This is not to knock hard-working authors who deserve all the success they achieve, but just to say that what they write is not to my taste. I am sure some of it is wonderful and some of it very good but if I’m not feeling it then I’m not feeling it and when I part with my hard-earned cash then I want it to be for something I am going to value and enjoy. If I can do that without my brain playing silly buggers.

So I have invested in two books. “Persians: The Age of the Great Kings” by Lloyd Llewellyn-Jones and “Tutankhamun’s Trumpet: The Story of Ancient Egypt in 100 Objects” by Toby Wilkinson. Two weighty tomes that I hope will reignite the reading fire in my belly. Two books covering topics, Iranian history and Ancient Egypt, that are very interesting to me.

I hope I can read them. I want to read them. I want to recapture the simple enjoyment of reading.

I’ll let you know how I get on.

When entertainment fails to entertain

Are you like me? Do you have a thousand television channels but struggle to find anything worth watching on any of them?

Or you find that what you do want to watch is on another subscription channel and you don’t want to pay for another service that you may only use once or twice.

I spend fruitless evenings struggling to find something that captures my imagination or that I can rely on to keep me occupied and not wandering to my iPad every few minutes. I record programmes and start watching them only to find that the presenter annoys me or the programme was actually filmed in the 1960s and is out of date with a grainy picture and truncated image in these days of 4K technology.

I struggle valiantly with ‘Silent Witness’, a programme that is now so far fetched it might almost be a comedy rather than a police/forensic procedural, full of ridiculous coincidences and people doing what they want when they want regardless of the consequences. I struggle because there are no alternatives, at least not to my tastebuds which are not going to find relationship/family dramas palatable.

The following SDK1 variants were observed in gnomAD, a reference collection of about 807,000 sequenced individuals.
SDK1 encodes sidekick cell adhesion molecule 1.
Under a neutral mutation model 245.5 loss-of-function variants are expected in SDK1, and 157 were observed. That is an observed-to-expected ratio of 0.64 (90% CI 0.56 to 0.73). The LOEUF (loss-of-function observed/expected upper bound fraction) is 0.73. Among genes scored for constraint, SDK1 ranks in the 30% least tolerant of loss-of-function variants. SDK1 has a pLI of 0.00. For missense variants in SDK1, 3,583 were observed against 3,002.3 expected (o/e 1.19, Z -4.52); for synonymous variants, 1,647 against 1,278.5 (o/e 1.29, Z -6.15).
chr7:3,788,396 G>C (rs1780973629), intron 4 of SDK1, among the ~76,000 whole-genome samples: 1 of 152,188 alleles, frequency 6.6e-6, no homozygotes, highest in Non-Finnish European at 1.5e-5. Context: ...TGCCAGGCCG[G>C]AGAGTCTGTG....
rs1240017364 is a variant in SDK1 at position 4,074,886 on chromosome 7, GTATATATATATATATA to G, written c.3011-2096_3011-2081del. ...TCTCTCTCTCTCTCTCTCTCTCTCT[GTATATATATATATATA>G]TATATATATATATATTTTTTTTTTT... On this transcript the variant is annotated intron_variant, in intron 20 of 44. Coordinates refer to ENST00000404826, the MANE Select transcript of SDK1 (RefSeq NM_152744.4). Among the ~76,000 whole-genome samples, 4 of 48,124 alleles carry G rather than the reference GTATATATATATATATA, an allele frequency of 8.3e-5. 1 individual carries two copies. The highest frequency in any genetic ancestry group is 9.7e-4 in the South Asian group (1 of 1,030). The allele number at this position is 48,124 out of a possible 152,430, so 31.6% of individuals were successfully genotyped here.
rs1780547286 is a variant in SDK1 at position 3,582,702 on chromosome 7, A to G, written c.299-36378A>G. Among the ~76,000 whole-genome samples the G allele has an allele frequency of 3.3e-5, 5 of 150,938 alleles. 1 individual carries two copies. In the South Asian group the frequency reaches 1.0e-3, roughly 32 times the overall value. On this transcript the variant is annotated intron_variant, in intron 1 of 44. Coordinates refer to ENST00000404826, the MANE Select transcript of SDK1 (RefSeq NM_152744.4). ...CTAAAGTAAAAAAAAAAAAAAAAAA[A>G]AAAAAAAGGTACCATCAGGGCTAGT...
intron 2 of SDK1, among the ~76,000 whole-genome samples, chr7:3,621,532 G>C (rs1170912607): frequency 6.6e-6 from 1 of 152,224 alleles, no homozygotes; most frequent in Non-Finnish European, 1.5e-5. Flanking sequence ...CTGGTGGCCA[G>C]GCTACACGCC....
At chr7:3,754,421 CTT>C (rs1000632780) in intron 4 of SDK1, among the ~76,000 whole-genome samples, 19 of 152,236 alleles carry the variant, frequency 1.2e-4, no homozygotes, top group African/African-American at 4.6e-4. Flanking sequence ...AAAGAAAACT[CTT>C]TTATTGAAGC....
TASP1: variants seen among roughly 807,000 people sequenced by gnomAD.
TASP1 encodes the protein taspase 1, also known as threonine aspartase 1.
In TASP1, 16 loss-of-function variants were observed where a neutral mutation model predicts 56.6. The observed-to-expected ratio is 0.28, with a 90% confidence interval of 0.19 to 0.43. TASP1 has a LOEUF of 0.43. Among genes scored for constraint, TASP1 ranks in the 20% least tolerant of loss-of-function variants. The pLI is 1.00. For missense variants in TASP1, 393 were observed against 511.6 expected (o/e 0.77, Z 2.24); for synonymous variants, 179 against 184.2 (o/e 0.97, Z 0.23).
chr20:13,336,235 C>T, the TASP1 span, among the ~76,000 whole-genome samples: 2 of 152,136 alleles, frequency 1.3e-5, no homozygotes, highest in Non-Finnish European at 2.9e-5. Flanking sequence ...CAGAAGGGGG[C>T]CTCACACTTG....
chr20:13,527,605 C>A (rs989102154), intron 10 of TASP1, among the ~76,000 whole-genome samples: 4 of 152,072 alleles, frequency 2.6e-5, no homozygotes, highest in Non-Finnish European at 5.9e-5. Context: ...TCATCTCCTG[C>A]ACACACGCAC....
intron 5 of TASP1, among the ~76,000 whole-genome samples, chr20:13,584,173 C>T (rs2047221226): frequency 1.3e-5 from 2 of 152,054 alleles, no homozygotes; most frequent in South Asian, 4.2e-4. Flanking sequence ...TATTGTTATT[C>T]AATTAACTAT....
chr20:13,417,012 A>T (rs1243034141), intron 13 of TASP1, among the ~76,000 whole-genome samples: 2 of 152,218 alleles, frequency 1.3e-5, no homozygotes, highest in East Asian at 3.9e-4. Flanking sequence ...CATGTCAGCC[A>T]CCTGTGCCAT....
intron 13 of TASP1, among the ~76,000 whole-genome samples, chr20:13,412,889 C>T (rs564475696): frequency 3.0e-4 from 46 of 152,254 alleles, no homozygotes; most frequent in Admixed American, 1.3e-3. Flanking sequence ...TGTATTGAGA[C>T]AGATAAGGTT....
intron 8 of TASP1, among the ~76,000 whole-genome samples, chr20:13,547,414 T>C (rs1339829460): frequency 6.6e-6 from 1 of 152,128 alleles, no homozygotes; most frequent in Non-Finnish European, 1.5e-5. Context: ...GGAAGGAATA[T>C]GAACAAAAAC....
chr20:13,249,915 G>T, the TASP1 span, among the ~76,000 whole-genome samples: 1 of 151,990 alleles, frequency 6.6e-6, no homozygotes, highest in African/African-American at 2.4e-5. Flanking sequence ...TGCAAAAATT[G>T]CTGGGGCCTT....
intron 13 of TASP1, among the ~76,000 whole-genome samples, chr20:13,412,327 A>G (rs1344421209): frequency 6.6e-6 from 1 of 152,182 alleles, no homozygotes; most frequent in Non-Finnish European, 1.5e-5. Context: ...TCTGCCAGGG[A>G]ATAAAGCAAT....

And don’t get me started on the standard of comedies these days. So-called sitcoms that are based on insults, coarse humour and generally insulting one section of the population or another rather than being generally funny with things called jokes in them. How I miss the golden age of comedy.

I pay for thousands of channels that I don’t need but have to purchase them because there are some channels I want and you have to have a package rather than paying for individual channels. So to get the Sport I have to have this or that package which is expensive and annoying and even within the sport channels there are various channels I have zero interest in so even that is a rip-off. It’s a very dispiriting state of affairs especially when you can expect price increases of roughly 8% this year…if you are lucky.

Perhaps I am jaded. Perhaps I was spoilt by the good drama and clever comedy of my youth. That’s not to say there aren’t good programmes out there but they are the kind I stumble across by accident rather than have actively planned to watch. I would never have seen ‘Alice in Borderland’, ‘Kingdom’ or ‘Squid Game’ if I hadn’t stumbled on them by accident. Nor ‘Raised by Wolves’, ‘Bordertown’ or ‘The Chesnut Murders’.

And then there’s ‘The Wheel of Time’. That is a series I did look forward to only to be less than impressed by the shoddy dialogue and less than inspiring acting by a cast who looked as though they would rather be elsewhere and who had no clue about the story. I can only hope that both ‘House of the Dragon’ and ‘The Rings of Power’ do not disappoint. But I won’t hold my breath.

So tonight I will try once more to find something to watch. Try and probably fail. I would love to be entertained and perhaps you are? I hope so but for me the search will go on. Wish me luck.

Johnny and Amber

When Johnny wins his case, as I am 99.9% certain he will, Amber will be vilified and subjected to a level of abuse that’s rarely seen. It’s already happening with the keyboard warriors who foam at the mouth every time she opens hers and have become experts in reading body language and how to tell if someone is telling lies.

I have read a huge amount of posts which have bordered on the truly vile and shocking. Posts from rational people, I’m sure, who cannot bear to believe that Darling Johnny ever did anything wrong. They leap to his defence and use every word they can think of to tell Amber exactly what they think of her. And then they add a few more just in case she doesn’t get the message.